Skip to main content

Big Church vs. Small Church



Which is better?  Picture this: a small group of believers who gather together faithfully every Sunday and at least once during the week to study, pray, and listen to each other.  They know each other well, they care about each other, they love each other.  Someone gets sick, everyone knows, sends flowers, and drops a phone call.  Someone doesn't show up on a Sunday, someone stops by for a visit to check in.  Someone moves away, their absence is felt deeply.  Someone new joins, their presence is felt immediately.

Now picture this: A large group of believers by the hundreds stream in to gather to worship and praise God.  They are passionate about reaching the community.  With combined resources and numerous outreach programs they are able to influence the community in a powerful way.  Many who would never dare step foot in a small traditional church where they don't fit in, come and feel welcome among a diverse crowd.  There are ministries for every age group from toddlers to teenagers to seniors.  A large staff and facility allow for lots of classes, programs and small groups.

Which is better?  Neither.  What often happens is one model feels superior to the other: "Big churches are compromising the truth," or "Small churches are all dying."  In doing so we can miss the beauty and blessing of each.  Scripture never gives us a numerical command for church size.  That's because God allows for diversity here.  Both play an important role in the Church (capital "C").

Comments

Popular posts from this blog

The 'Greatest' Theologian/Preacher/Christian Philosopher

Here's a fun little discussion for us. Who is the greatest theologian since the apostle Paul? Sounds too subjective, but here are some criteria to evaluate by: 1) Personal life - Did this person's personal character reflect his convictions effectively? 2) Breadth of Influence - How wide and long has this person's influence effected the church and the world? 3) Depth of thought - How careful, biblical, and articulate were this persons's works? My vote to come...

Remember Miss Bates from Mere Christianity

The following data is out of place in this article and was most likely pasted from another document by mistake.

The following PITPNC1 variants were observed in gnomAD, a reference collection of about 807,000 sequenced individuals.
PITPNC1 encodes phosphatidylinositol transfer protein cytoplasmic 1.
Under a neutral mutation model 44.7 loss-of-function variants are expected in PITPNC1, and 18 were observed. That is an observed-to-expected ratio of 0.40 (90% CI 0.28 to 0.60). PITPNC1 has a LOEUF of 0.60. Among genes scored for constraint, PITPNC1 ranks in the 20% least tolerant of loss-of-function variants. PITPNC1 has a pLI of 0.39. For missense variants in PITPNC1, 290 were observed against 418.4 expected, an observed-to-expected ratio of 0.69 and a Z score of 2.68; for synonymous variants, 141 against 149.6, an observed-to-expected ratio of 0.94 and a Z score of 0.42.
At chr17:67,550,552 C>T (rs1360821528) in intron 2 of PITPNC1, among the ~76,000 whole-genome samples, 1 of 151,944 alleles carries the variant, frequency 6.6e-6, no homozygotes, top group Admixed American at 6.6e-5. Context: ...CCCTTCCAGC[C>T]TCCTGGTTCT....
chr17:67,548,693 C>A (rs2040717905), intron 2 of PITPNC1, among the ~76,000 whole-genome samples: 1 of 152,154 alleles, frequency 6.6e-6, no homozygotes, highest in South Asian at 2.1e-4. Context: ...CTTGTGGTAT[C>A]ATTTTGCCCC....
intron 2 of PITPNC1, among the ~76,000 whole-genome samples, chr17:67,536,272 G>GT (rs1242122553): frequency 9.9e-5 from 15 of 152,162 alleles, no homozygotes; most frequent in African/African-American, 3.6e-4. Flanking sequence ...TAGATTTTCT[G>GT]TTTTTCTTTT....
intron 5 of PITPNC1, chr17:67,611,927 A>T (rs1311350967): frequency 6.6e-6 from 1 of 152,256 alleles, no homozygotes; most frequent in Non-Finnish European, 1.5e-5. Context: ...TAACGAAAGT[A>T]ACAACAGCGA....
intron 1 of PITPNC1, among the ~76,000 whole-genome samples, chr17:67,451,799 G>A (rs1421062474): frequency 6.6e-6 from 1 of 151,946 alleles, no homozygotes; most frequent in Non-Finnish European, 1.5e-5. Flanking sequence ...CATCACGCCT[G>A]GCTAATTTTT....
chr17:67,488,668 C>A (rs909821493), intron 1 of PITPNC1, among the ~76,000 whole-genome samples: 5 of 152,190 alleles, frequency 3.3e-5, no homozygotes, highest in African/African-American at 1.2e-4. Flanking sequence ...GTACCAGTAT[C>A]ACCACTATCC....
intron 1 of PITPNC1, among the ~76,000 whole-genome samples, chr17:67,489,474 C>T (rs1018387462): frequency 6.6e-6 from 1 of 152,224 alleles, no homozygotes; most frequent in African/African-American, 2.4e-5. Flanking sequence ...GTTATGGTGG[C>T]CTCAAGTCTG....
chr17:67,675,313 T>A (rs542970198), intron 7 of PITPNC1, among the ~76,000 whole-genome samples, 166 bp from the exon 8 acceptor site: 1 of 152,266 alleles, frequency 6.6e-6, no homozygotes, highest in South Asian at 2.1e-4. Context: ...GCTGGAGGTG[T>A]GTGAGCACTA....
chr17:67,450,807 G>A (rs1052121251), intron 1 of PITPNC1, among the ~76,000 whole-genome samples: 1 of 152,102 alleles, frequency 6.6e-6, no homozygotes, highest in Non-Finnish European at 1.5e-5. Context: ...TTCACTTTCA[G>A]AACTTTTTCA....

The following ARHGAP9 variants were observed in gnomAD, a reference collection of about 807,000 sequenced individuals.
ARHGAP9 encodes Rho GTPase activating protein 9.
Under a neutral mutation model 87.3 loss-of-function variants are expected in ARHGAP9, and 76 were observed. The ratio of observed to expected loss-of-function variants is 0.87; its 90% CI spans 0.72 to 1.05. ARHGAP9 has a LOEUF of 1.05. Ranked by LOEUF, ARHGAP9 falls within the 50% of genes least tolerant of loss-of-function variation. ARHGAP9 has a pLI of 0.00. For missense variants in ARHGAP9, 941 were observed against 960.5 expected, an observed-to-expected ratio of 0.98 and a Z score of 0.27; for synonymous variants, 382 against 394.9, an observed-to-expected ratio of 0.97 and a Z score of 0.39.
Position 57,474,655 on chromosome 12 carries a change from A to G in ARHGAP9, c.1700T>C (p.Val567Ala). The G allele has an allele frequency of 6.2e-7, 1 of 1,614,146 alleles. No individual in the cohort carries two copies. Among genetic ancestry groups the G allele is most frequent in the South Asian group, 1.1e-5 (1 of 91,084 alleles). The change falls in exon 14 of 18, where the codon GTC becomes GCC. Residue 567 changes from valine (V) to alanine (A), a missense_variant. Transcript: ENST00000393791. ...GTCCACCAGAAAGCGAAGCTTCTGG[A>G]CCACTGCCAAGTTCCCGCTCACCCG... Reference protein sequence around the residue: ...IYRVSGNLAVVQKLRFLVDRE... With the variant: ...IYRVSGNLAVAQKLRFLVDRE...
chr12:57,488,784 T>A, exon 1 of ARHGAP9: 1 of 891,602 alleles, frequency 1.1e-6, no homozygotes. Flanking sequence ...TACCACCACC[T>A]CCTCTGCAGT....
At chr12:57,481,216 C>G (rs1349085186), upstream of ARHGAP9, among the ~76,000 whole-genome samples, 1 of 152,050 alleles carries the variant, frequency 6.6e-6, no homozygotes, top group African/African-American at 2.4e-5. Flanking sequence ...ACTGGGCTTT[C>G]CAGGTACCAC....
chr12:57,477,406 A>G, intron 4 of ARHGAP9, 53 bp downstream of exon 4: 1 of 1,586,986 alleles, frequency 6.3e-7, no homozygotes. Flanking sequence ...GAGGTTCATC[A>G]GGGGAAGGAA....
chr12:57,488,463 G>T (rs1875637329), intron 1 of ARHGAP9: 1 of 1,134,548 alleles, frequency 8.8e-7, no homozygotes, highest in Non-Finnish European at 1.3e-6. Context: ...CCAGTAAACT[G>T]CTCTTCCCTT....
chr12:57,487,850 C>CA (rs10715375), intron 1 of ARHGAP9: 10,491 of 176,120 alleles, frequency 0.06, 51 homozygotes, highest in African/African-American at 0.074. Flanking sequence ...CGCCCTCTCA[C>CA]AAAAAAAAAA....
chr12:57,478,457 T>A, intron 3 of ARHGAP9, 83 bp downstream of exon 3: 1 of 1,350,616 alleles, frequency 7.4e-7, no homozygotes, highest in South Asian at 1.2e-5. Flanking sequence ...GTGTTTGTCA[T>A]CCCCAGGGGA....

C. S. Lewis imagines two people: one Miss Bates, a naturally cranky unkind woman who becomes a Christian and the other Dick Firkin, a naturally friendly kind person who has not yet become a Christian. “Christian Miss Bates may have an unkinder tongue than unbelieving Dick Firkin. That, by itself, does not tell us whether Christianity works. The question is what Jane’s tongue would be like if she were not a Christian and what Dick’s would be like if he became one. Miss Bates and Dick, as a result of natural causes and early upbringing, have certain temperaments: Christianity professes to put both temperaments under new management if they will allow it to do so. What you have a right to ask is whether that management, if allowed to take over, improves the concern. Everyone knows that what is being managed in Dick Firkin’s case is much ‘nicer’ than what is being managed in Miss Bates’. That is not the point. To judge the management of a factory, you must consider not only the

Does Church History Matter?

In a so called unprecedented age, where all of Christianity is re-inventing itself, and all of Christian doctrine is up for re-writing , one must ask the question "Does church history matter?" (Just to write this almost makes me cringe at how unbelievably near-sighted my generation has become!) If we say 'yes it matters' too emphatically, the response will be "Why are you Protestants then?" Didn't Luther radically depart from centuries of theological teaching. One common criticism against Luther (and the Reformation) was "Can you alone be right and the whole world be wrong?" And, when Luther talks about Sola Scriptura, isn't he saying Scripture is all that matters? A few things about Luther. First, his Sola Scriptura argument was not that Scripture is the only authority for the church, but that Scripture alone is the final authority for the church. According to Luther, there can be, indeed should be, lesser authorities, including pasto